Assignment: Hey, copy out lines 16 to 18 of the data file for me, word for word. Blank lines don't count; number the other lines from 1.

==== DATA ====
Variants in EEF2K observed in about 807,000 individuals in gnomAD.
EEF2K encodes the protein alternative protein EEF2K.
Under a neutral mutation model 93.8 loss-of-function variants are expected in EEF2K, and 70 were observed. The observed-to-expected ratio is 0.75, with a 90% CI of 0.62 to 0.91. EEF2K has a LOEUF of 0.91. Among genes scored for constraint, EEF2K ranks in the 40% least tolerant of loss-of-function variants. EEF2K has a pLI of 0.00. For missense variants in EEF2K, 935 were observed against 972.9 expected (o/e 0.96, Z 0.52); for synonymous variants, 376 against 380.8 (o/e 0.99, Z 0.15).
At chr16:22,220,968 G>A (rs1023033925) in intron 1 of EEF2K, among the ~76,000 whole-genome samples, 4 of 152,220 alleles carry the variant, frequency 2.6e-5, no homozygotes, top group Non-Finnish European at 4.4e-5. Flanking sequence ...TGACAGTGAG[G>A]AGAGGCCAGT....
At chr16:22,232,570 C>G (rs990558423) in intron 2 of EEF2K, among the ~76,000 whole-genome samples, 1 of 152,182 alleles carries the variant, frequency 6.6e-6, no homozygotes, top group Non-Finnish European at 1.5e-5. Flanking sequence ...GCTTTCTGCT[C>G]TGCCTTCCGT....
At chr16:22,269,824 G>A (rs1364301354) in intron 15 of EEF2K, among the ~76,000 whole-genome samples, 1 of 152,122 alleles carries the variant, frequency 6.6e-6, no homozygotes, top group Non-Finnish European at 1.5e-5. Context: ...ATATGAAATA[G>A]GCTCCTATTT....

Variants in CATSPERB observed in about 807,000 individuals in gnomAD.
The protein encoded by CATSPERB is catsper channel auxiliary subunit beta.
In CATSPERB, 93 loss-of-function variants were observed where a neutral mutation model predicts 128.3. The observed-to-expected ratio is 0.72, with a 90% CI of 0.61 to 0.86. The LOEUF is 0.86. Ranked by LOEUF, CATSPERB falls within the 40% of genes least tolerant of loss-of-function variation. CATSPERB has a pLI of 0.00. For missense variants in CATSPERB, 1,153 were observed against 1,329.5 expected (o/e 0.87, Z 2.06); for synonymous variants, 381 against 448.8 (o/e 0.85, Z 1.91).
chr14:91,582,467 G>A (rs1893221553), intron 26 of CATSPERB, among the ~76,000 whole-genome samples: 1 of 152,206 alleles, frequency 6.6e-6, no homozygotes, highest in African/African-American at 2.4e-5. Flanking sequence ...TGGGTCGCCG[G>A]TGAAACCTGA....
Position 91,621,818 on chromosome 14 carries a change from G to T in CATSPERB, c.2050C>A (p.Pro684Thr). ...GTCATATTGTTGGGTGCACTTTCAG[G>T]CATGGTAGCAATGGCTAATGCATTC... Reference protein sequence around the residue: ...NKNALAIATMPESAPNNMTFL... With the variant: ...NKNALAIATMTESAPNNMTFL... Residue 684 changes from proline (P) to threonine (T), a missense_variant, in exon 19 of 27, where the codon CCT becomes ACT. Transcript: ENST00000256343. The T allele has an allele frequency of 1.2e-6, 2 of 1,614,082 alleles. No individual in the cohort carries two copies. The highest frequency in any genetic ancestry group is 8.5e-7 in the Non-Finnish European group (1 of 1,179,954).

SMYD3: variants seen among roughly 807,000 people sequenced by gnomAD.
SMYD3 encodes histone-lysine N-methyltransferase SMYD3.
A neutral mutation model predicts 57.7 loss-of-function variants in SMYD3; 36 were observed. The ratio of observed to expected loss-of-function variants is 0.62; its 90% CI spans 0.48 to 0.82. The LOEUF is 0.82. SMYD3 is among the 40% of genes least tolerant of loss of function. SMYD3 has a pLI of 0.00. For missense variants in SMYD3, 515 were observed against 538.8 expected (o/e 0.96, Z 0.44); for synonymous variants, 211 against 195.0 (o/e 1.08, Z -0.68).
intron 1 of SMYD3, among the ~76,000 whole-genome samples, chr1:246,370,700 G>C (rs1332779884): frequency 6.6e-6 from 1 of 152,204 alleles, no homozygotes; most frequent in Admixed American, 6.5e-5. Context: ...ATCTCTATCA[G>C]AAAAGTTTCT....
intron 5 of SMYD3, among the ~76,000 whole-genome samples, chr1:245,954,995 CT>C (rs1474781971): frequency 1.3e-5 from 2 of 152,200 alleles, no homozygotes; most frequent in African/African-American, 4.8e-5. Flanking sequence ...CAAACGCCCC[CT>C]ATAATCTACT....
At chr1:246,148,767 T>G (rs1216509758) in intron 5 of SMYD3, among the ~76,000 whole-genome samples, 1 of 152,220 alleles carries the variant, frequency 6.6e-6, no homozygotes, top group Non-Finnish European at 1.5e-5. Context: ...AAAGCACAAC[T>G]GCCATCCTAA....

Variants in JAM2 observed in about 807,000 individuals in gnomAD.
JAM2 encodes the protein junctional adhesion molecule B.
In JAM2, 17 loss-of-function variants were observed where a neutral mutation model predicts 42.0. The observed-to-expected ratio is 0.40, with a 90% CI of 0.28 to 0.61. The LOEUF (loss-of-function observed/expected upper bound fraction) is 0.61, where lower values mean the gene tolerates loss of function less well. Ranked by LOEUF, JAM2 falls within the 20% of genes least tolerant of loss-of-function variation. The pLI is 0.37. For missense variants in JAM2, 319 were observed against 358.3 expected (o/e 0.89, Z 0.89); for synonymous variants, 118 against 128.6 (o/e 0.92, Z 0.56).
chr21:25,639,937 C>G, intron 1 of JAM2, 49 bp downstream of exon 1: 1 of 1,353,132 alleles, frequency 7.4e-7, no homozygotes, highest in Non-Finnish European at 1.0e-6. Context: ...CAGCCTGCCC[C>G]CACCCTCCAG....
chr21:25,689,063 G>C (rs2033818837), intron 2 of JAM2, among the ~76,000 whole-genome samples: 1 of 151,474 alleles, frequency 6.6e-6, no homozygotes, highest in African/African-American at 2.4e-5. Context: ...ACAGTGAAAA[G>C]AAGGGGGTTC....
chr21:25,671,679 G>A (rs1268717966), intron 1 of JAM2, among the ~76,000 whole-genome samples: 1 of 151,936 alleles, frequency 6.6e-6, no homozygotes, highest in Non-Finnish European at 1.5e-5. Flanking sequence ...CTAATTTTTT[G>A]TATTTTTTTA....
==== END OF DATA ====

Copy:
intron 5 of SMYD3, among the ~76,000 whole-genome samples, chr1:245,954,995 CT>C (rs1474781971): frequency 1.3e-5 from 2 of 152,200 alleles, no homozygotes; most frequent in African/African-American, 4.8e-5. Flanking sequence ...CAAACGCCCC[CT>C]ATAATCTACT....
At chr1:246,148,767 T>G (rs1216509758) in intron 5 of SMYD3, among the ~76,000 whole-genome samples, 1 of 152,220 alleles carries the variant, frequency 6.6e-6, no homozygotes, top group Non-Finnish European at 1.5e-5. Context: ...AAAGCACAAC[T>G]GCCATCCTAA....

Variants in JAM2 observed in about 807,000 individuals in gnomAD.